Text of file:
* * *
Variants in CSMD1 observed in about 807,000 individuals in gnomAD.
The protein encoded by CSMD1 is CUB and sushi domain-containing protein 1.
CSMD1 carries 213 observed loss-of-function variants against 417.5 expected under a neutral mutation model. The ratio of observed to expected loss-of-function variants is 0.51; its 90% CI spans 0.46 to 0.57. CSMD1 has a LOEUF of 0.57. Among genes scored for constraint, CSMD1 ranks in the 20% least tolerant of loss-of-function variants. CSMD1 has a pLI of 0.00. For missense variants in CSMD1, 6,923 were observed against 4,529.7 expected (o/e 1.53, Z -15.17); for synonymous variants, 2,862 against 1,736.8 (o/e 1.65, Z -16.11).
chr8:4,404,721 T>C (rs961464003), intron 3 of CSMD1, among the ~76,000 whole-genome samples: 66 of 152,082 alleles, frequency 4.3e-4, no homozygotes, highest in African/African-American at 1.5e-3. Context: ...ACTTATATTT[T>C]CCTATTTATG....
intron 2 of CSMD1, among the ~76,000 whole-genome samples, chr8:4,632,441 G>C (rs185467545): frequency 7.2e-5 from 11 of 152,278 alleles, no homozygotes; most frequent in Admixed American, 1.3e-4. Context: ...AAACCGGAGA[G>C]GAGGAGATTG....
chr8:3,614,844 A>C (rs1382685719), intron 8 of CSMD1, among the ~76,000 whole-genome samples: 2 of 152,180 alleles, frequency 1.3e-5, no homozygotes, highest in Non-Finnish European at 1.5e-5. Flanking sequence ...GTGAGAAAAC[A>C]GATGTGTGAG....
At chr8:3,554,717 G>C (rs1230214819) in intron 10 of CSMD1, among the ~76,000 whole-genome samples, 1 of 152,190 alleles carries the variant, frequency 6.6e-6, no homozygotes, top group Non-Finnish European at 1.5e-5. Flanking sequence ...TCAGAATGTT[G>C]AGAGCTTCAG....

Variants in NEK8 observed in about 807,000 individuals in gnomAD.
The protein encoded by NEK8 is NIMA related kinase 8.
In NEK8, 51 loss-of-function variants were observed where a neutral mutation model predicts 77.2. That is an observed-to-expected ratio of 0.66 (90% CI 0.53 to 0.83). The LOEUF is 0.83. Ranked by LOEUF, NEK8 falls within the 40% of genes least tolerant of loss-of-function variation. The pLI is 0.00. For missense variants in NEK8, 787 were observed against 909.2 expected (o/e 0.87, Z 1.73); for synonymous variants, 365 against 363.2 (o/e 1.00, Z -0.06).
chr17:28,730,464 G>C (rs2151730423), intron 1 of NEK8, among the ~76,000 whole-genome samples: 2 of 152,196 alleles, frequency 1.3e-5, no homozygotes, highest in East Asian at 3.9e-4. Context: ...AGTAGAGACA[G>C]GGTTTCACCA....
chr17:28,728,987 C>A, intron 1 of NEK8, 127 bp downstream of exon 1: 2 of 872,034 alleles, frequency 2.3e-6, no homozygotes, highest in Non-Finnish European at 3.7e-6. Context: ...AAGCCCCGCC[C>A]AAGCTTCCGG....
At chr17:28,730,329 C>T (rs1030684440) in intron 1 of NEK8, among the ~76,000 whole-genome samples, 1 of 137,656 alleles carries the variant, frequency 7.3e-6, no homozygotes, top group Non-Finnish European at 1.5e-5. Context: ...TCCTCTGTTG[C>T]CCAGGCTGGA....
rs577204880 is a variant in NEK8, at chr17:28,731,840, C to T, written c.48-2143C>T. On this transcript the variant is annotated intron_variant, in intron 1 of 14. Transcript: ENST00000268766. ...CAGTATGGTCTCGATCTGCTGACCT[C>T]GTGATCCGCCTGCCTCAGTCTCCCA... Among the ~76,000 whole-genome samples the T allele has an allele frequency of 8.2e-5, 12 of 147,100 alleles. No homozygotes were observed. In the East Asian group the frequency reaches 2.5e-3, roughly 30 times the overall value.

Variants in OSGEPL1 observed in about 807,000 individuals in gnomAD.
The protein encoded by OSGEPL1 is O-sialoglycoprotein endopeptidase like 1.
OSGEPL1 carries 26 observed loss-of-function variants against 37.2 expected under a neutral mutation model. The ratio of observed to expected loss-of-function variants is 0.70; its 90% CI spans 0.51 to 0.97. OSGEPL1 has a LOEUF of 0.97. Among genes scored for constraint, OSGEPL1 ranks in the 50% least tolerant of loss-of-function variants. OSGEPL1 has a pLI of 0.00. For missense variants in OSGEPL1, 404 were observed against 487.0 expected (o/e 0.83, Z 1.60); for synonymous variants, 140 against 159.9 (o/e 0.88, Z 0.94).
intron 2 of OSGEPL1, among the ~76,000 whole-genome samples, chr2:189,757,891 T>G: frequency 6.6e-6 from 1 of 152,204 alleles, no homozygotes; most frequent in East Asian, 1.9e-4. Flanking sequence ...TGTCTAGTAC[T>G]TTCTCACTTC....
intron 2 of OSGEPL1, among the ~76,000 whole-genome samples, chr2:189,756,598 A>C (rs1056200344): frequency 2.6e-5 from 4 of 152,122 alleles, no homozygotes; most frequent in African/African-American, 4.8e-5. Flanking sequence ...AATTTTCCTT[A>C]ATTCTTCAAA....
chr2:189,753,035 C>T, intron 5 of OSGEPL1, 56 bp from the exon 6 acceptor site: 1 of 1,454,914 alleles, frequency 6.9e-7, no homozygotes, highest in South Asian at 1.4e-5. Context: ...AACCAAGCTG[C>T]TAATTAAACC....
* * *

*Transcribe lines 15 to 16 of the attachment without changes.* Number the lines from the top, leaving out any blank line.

Variants in OSGEPL1 observed in about 807,000 individuals in gnomAD.
The protein encoded by OSGEPL1 is O-sialoglycoprotein endopeptidase like 1.